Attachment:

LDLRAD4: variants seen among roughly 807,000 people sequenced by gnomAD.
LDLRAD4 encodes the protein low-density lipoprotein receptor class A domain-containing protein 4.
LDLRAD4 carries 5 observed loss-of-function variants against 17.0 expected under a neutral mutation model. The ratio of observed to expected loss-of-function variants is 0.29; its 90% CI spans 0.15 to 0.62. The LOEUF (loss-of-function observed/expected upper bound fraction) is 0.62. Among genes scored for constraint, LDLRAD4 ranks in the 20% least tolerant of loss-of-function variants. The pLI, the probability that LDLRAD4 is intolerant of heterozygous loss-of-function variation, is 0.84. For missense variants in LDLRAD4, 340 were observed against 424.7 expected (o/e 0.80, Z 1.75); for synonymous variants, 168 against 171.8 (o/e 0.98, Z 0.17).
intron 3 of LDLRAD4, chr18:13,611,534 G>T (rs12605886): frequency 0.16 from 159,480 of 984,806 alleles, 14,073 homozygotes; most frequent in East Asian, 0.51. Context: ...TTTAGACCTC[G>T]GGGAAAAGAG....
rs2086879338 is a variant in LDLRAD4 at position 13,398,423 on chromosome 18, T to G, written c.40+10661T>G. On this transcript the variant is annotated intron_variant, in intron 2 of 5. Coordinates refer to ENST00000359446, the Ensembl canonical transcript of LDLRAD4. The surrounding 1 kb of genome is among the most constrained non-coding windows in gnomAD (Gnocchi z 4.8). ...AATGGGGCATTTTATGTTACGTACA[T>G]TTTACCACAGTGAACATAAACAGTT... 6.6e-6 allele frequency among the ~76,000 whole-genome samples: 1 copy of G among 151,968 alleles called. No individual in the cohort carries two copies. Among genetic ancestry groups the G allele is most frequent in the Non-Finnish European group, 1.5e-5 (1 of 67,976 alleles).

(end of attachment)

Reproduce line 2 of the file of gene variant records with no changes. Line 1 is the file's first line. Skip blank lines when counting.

LDLRAD4 encodes the protein low-density lipoprotein receptor class A domain-containing protein 4.